I love the way my kids get so excited to hunt for you every morning. I love that you're a tradition. I love that you are a tool for me to help them believe the magic of the season. I love to see them rush out of bed (okay, maybe not when it's before 7) to see what crazy thing you're doing. And for them, the messier, the better. And for the record, my kids clean up ANY mess the Elf makes.
So, I do it for the magic. For the fun. For the memories. And for the tradition. Love the Elf or hate it, I have a feeling the little creep is here to stay. 


Tuesday, November 26, 2013

I'm "part of the problem." And I'm okay with it.

I read a Facebook post the other day that said, "If you shop on Thanksgiving, You are part of the problem."

I guess, then, I am.

I've never gone "Black Friday" shopping on Thanksgiving. But I might. I'm okay with the option.

My husband and several family members and friends work for a grocery store. They've always had to work on Thanksgiving. Christmas Eve. Easter. 4th of July. New Year's. Name the holiday, aside from Christmas, and they are usually working. And it's usually "all hands on deck" busy in the store, at least until after lunch time. It's been this way as long as I can remember. Does it stink not having my husband around sometimes? Yes. Sometimes I wish he were home with us. But I'm thankful he has a job. I'm thankful he's providing for his family. I'm thankful that myself and others can run out and grab a last minute pie or, let's be honest, hard alcohol.

There's never been an uproar about grocery stores, or gas stations, or football (there's a lot of people away from their families in order for you to be with yours, watching football, eating, drinking *wink, wink*.) So maybe instead of complaining about it, which I have come to accept is human nature, just be thankful. If it upsets you, that's your right to be upset, but don't judge other people. When I worked retail, I actually LOVED working the holidays. Everyone was happy and the store was so busy that the day FLEW by. And, some companies give you holiday pay, which was a nice bonus.

My husband doesn't mind working holidays. We just celebrate when he gets home. Being together is the important part. And I knew when I "signed up" to marry him, that he would work retail the rest of his career. Just like he knew, when he chose his career, that holidays, weekends, evenings, they were all going to be in his future. It's a necessary evil. Would you complain if everything closed down for every holiday? Where do you draw the line? Which holidays are more important than others, and who gets to decide that?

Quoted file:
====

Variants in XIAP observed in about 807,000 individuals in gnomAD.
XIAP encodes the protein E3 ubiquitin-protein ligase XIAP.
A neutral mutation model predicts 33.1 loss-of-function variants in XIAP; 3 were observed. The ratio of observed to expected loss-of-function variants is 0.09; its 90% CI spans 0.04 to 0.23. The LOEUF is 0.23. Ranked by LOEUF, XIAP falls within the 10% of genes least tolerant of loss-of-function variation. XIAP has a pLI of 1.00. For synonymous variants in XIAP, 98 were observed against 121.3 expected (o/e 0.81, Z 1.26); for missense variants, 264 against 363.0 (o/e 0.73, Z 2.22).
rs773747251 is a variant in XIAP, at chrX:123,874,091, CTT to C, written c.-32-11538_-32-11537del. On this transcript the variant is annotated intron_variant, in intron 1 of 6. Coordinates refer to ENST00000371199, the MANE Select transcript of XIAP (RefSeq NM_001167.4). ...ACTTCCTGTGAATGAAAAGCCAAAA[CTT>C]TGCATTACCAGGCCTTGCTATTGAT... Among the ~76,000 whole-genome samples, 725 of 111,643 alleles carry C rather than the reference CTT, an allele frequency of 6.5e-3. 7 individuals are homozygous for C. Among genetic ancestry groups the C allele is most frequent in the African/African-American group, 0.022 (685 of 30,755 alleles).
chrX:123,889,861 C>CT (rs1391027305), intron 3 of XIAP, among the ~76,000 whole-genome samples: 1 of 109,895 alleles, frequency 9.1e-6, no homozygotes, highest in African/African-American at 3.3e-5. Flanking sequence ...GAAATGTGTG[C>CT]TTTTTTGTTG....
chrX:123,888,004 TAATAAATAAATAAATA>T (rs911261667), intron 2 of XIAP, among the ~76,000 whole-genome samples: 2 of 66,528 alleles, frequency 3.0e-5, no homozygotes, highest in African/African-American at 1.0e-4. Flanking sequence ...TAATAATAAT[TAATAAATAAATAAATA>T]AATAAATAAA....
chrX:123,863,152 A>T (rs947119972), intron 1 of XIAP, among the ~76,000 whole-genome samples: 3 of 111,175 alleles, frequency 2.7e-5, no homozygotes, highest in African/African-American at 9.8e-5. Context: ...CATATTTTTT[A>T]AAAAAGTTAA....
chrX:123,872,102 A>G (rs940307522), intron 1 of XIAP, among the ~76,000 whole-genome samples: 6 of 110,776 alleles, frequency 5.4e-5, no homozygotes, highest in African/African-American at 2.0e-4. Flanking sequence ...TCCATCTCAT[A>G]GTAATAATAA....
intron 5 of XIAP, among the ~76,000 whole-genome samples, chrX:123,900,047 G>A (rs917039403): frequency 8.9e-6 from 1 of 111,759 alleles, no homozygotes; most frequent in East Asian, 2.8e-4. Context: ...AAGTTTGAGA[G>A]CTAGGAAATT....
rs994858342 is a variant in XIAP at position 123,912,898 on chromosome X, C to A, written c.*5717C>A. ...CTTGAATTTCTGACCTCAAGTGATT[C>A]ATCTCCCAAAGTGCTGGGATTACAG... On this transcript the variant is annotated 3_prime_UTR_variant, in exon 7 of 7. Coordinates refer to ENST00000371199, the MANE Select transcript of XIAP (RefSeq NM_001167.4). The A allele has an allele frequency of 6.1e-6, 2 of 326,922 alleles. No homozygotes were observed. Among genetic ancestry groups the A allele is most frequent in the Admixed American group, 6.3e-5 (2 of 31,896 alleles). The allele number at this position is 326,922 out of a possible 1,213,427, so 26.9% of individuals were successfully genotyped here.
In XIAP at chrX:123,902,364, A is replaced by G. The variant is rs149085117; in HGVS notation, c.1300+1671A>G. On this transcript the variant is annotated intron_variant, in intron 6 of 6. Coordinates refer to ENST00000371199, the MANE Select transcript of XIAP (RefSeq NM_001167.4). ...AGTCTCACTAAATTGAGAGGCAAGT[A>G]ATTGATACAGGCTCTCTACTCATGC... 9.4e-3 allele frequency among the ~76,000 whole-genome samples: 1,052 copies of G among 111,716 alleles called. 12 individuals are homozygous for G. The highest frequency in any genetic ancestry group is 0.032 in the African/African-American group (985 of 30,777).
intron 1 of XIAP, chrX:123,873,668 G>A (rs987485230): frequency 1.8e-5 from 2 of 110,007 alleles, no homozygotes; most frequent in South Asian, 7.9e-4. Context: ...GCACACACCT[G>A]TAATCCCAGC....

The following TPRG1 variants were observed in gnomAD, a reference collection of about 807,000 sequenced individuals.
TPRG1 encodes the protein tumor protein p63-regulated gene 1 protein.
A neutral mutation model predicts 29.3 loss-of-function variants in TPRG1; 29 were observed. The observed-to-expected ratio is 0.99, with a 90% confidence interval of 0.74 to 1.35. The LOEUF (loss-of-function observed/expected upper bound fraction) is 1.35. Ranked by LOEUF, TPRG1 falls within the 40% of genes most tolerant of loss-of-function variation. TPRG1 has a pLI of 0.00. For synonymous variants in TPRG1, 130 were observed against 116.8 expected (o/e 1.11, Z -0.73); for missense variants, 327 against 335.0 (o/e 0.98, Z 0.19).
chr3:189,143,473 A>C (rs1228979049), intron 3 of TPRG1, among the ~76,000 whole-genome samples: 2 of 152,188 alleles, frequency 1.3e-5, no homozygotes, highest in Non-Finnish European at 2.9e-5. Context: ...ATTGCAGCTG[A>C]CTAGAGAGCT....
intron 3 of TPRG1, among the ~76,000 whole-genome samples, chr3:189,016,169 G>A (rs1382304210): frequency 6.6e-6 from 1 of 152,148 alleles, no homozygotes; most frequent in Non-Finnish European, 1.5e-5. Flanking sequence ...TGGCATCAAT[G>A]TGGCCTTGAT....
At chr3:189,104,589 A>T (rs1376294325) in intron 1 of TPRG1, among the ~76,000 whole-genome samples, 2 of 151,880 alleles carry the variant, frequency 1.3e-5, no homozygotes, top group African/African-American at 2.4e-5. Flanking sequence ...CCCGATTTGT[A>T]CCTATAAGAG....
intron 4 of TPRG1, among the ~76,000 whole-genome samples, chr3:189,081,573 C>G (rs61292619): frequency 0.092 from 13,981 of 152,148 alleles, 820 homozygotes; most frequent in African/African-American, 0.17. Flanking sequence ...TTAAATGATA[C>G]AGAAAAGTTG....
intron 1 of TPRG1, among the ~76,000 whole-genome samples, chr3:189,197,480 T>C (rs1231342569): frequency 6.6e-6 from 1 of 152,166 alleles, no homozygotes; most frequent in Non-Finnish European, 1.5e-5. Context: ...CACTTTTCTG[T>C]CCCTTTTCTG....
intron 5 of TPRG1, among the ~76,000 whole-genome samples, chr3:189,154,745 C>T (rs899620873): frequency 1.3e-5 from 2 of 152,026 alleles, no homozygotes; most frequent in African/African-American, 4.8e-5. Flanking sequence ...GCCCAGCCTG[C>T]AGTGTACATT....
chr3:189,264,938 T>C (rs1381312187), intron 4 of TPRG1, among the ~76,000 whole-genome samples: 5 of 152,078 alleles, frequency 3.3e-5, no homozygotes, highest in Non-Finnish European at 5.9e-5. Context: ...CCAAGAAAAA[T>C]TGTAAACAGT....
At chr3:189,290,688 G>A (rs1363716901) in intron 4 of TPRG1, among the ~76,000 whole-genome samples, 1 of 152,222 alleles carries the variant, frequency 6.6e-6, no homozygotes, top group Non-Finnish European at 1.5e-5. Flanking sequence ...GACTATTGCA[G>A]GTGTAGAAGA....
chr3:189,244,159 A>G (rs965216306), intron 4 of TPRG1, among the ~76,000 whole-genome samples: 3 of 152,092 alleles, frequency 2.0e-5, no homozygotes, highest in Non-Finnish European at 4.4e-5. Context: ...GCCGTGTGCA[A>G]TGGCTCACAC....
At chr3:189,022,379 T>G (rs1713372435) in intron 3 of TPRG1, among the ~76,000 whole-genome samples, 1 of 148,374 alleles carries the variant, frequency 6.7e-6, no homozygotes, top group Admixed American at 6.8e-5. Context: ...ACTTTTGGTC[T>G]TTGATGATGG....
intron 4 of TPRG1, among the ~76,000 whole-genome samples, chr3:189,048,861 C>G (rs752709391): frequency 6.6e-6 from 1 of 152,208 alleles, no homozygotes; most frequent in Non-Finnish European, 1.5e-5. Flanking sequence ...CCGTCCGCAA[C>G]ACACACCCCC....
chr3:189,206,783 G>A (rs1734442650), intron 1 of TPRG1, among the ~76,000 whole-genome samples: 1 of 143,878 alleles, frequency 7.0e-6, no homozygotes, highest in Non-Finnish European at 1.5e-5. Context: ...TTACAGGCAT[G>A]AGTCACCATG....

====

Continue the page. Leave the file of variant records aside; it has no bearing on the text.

So, I might shop on Thanksgiving this year. I have been a "Black Friday" shopper for years now. It's not even about the deals, as much as it's about the experience. I love the chaos. I love the "hunt." I love spending the time with the women in my family. I love escaping the "mommyhood" for a while to shop and leave the kids with their Daddy. It's a tradition now as much as the turkey. I've never encountered a rude person while shopping, never been trampled, and never get stressed out. You can refer to my post about how much fun I have on Black Friday here.

Just because you don't like it, or don't agree with it, doesn't make it the right or wrong thing to do. This applies to oh so many issues that come up in life. Just be happy. It's so much more fun.

Monday, October 28, 2013

Adventures in Basketball

Callie decided not to take dance classes this year. I have to admit, I was pretty disappointed. I loved the frilly and sparkly and girly adventure. I asked her if she'd like to try something new. Maybe gymnastics or swimming or basketball. She chose basketball.

I asked her why she didn't want to take dance lessons anymore, and she told me it was because she sweat too much, and she missed out on what was going on at home while she was in her one-hour-a-week class. I explained that basketball is a lot of running, and that it would actually take more time out of her week than dance did. Craig was all for basketball, as it was much, much, (did I say much?) cheaper than dance.

So, we had our first practice and game last week. How'd it go?

Callie had never played basketball. I'm pretty sure she had no idea on the concept, rules, or fundamentals of the game. And last week proved that. I was also quite confident she'd be injured, as she isn't very graceful. Last week also proved that.

She's only in first grade, so this is all for fun (thankfully). It's about learning at this stage. Craig took her to her first practice and reported back that she wasn't very good but was improving towards the end. And she had back to back games on Sunday. That was interesting. And entertaining. And, well, sort of exhausting.

She didn't handle the ball much, I am not sure she was very aware of its location 90% of the time. She got to inbound the ball a couple of times, until she kept handing it to the either team. She dribbled (I use that term loosely. Very loosely.) the ball down the court a time or two as well. I could tell that by the second game she was getting the hang of it. She was putting her hands up on defense and actually following the ball up and down the court. In between games is when her injury occurred, of course. A ball hit her tooth and knocked it right out. Luckily for her, it was a tooth that needed to come out and not a permanent tooth. I, in turn, lost the tooth somewhere that day but that's a whole other blog post! And the girls did a great job and won both games.


All in all, she did pretty well for a 6 year old. Tonight we had our second practice, and she made two shots in a row. A huge improvement. She dribbled better. She hustled more. She hugged me and told me she loved basketball. And that is what it's all about.